Jack Baty

Director of Unspecified Services

Additional backups

Derek Sivers posted about how he handles backups and it got me thinking about how I handle backups.

I feel like I'm mostly covered. I use Backblaze on my MacBook Pro for continuous, off-site backups of both the internal SSD and the attached "Media" drive containing my photos, videos, etc. I clone "Media" to a separate external drive once a week. iCloud syncs my ~/Documents and ~/Desktop folders, so that should be covered. The headless Mac Mini is also using Backblaze. The Synology is synced nightly to Backblaze B2 storage.

I don't worry too much about losing stuff. And yet, it sometimes feels a little abstracted. A little too magic. This is where Sivers' piece resonated. I dig rsync and use it for pushing local website changes out to servers all the time, so I decided to also use it mimic parts of Sivers' simple routine.

For remote storage, I spun up a 5TB Hetzner Storage Box. Cost is around $10/month. They really are just dumb servers you can access via (S)FTP or SSH. Then I wrote a couple of tiny shell scripts that wrap rsync.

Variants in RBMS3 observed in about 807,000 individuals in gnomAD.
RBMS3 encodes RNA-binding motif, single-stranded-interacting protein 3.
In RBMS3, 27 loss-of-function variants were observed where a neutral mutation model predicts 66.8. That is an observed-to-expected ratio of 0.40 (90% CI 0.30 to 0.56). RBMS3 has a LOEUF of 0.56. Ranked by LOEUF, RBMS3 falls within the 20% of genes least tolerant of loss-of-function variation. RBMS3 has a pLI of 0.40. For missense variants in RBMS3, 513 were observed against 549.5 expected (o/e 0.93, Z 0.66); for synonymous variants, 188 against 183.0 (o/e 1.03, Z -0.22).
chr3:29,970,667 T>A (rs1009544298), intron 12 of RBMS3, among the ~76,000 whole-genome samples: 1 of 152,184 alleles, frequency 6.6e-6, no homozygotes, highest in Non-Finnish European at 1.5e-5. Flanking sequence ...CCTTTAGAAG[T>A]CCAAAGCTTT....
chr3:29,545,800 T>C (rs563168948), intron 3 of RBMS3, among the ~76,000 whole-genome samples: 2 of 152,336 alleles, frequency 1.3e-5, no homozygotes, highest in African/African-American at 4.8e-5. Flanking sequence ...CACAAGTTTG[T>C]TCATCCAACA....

As an added measure, the script can also rsync to an attached thumb drive, so I'm doing that, too. The scripts back up slightly different things to the storage box vs the thumb drive, depending on "importance".

Now I can type "bkremote" or "bkstick" and I have a complete snapshot of (most of) my stuff, one local and one offsite. The nice part is that I can easily get at all of it. No need to log in to a service or unpack weird backup files. It's an exact mirror. The down side is that it's an exact mirror. No history or versioning. If I delete something locally, then sync, it's gone everywhere. I'm ok with this since it's just an adjunct to my current system. But I'm happy to hear about anything that I might be missing.